Canon's proprietary EF (electro-focus) lens, which combines a large-diameter fully electronic lens mount and an internal autofocus motor, was born in 1987.
In November of the same year, Canon introduced the industry's first [1] Ultrasonic Motor (USM)-powered lens: the EF 300mm f/2.8L USM.
In September 1989, the EF 50mm f/1.0L USM, featuring the world's largest aperture [1] of f/1.0, was launched and in September 1995 the EF 75-300mm f/4-5.6 IS USM, equipped with the world's first [1] Image Stabilizer to correct for the effect of camera shake, made its debut.
Further, in December 2001, Canon delivered the world's first super telephoto lens incorporating a diffractive optical element for camera lenses [1]: the EF 400mm F4 DO IS USM.
In conjunction with the launch in September 2003 of the highly acclaimed EOS Kiss Digital SLR camera, which has achieved outstanding success worldwide with sales to date surpassing 1.2 million units, Canon expanded its EF lens lineup with the introduction of the EF-S series of lenses, optimized for use with digital SLR cameras that incorporate APS-C size (22.2 x 14.8 mm) image sensors.
Canon's current EF lens lineup comprises 60 [2] models, the most comprehensive selection*3 in the industry. Canon EF lenses span the gamut from ultra-wide 14mm to super-telephoto 600mm lenses and include standard and super-telephoto zoom models, large-aperture lenses, and TS-E lenses, which are equipped with a special tilt-shift mechanism that permits the manipulation of image perspective and distortion. Canon EF lenses have garnered high praise from a wide user base, from professional and advanced amateur photographers to novice photo enthusiasts, and earned Canon top share of the interchangeable lens market.
Also, as EF lenses are ideally suited for use with Canon's EOS D-series of digital SLR cameras in addition to its 35mm film SLR cameras, the company aims to continue developing the lineup as the core of the EOS system.
[1] For 35mm AF SLR cameras
[2] Including EF-S lenses and two EF lens extenders
[3] As of January 17, 2006.

January 17, 2006

Florian Maier-Aichen, 303 Gallery, New York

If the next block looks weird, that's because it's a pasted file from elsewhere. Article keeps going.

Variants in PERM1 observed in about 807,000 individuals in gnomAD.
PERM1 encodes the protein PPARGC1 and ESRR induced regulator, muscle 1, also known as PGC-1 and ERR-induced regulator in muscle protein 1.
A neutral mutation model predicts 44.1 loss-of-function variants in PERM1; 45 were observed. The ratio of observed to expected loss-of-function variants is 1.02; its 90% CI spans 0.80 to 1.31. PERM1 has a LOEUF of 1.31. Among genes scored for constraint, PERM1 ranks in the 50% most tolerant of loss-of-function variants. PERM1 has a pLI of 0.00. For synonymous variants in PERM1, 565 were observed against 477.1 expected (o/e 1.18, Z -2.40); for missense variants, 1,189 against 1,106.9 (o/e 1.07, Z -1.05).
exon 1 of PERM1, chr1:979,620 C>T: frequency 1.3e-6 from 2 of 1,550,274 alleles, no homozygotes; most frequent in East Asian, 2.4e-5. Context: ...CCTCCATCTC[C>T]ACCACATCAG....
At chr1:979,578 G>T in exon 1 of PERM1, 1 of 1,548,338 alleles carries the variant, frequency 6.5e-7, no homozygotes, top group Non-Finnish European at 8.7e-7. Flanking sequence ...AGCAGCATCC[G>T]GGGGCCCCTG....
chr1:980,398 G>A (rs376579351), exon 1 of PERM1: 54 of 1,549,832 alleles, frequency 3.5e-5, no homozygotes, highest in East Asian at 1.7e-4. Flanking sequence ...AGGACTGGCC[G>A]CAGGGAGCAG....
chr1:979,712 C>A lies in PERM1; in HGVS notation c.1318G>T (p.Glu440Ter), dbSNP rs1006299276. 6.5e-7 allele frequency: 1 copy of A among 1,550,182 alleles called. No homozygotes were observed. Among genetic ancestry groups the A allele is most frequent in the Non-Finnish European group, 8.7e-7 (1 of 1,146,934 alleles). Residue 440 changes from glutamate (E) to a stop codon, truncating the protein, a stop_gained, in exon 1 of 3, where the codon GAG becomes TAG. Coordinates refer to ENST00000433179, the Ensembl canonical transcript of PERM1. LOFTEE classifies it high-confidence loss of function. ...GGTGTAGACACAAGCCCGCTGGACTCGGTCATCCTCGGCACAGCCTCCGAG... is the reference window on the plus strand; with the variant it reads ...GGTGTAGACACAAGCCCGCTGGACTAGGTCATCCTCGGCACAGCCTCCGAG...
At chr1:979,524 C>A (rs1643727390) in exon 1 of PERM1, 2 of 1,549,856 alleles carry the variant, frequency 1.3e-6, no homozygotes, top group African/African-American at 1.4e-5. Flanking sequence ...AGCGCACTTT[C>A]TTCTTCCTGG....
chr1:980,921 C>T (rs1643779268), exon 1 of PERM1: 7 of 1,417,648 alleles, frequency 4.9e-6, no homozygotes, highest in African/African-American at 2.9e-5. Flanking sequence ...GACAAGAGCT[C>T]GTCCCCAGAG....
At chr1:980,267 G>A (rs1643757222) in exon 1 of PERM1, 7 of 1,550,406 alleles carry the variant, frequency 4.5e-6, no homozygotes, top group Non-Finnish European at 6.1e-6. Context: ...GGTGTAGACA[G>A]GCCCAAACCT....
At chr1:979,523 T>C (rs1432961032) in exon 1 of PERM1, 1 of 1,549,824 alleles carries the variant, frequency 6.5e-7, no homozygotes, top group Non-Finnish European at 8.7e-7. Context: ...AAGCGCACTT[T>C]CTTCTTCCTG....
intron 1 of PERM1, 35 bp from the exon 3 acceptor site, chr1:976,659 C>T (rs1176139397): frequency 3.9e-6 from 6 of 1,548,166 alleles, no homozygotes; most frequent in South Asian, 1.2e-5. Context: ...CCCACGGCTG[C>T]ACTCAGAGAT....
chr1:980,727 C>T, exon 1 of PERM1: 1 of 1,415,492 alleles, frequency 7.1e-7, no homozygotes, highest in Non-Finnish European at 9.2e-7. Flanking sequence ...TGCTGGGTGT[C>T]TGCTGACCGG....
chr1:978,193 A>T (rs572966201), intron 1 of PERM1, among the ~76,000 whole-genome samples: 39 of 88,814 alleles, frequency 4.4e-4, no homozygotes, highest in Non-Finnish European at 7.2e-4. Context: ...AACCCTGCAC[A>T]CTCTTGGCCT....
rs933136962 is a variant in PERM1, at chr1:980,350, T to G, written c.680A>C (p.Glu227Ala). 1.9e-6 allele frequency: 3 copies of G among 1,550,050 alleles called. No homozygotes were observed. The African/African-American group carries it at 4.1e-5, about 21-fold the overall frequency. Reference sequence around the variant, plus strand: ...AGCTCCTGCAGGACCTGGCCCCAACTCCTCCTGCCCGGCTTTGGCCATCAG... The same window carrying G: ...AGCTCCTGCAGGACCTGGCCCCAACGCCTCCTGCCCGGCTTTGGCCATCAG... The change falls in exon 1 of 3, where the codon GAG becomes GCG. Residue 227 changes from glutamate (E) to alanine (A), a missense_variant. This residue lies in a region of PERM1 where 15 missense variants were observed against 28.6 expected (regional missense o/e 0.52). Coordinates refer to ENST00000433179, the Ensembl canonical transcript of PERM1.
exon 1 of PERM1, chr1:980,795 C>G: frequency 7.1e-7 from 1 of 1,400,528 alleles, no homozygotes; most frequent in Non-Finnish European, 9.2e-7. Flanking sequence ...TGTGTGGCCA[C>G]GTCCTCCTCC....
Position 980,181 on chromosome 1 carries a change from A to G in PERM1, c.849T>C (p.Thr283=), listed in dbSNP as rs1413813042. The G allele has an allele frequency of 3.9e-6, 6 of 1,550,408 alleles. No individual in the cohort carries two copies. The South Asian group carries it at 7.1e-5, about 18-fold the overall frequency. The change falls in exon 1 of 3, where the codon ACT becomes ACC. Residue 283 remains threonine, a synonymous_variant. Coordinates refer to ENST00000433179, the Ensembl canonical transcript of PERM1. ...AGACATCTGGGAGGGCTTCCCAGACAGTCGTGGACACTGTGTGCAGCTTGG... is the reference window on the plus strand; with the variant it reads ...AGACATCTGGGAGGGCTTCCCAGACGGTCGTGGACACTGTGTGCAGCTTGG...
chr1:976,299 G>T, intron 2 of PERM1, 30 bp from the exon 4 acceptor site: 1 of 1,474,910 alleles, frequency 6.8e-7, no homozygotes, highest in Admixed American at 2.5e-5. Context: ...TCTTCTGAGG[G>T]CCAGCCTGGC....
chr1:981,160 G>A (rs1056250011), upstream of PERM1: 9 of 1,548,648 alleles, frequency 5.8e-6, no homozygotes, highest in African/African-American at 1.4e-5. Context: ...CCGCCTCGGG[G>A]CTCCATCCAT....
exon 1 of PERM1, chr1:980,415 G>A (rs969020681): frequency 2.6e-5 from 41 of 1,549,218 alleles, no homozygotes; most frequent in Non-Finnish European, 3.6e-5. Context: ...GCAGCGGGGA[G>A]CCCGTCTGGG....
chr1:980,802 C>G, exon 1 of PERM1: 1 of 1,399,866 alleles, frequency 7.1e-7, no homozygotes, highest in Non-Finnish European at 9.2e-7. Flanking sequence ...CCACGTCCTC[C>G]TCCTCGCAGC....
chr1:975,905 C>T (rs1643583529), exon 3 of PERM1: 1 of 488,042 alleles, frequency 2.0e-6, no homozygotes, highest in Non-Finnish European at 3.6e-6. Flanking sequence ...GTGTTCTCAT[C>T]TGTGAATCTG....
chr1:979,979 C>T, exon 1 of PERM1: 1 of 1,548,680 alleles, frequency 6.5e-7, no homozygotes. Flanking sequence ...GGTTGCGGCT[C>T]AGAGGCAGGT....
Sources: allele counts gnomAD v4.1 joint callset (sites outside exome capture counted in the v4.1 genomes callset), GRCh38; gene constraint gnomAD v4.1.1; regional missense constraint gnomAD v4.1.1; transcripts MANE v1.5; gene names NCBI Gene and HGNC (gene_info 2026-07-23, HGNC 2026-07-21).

Florian Maier-Aichen
303 Gallery, New York
January 14 - February 25, 2006

303 Gallery presents the New York debut of photographic work by Florian Maier-Aichen.

Florian Maier-Aichen works with varying degrees of "straight" photography and digital intervention to create work that challenges our visual understanding of the photographic image. For this exhibition, Florian Maier-Aichen has chosen primarily views of the sea and landscapes as subject matter. In the work "Untitled (Insel Vilm)", an ocean liner is on the way to its destination on very still waters. After closer examination, the scale of the ship appears much too small and the ocean appears much too still, establishing a structure of disbelief.

"Above June Lake" 2005, an aerial view of a mountain, recalls a detail of an abstract painting. The ski trails carved in the earth could be understood as a simple cryptic drawing. These and other works highlight Florian Maier-Aichen's unique preoccupation with the ambiguity of space in the viewer's perception. In addition, Florian Maier-Aichen utilizes photographic methods ranging from the Albumen print process, that dates back to the 19th century, up through contemporary computer based means. In this way, Florian Maier-Aichen begins to dismantle the heritage of German color photographers with his intimate use of digital technology and labored handmade attention.

Florian Maier-Aichen was included in "Set Up: Recent Acquisitions in Photography", at The Whitney Museum of American Art, New York, NY in March 2005. In 2002 his work was included in "Anti-Form: New Photographic Work from Los Angeles", curated by James Welling at the Society for Contemporary Photography, Kansas City, MO. In 2001, Florian Maier-Aichen was included in "Snapshot: New Art from Los Angeles' at the UCLA Hammer Museum in Los Angeles, CA. Florian Maier-Aichen lives and works in Cologne, Germany and Los Angeles, California. His work will be included in the upcoming Whitney Museum of American Art Biennial, 2006 and he will have a one-person exhibition at the Los Angeles Museum of Contemporary Art in 2007.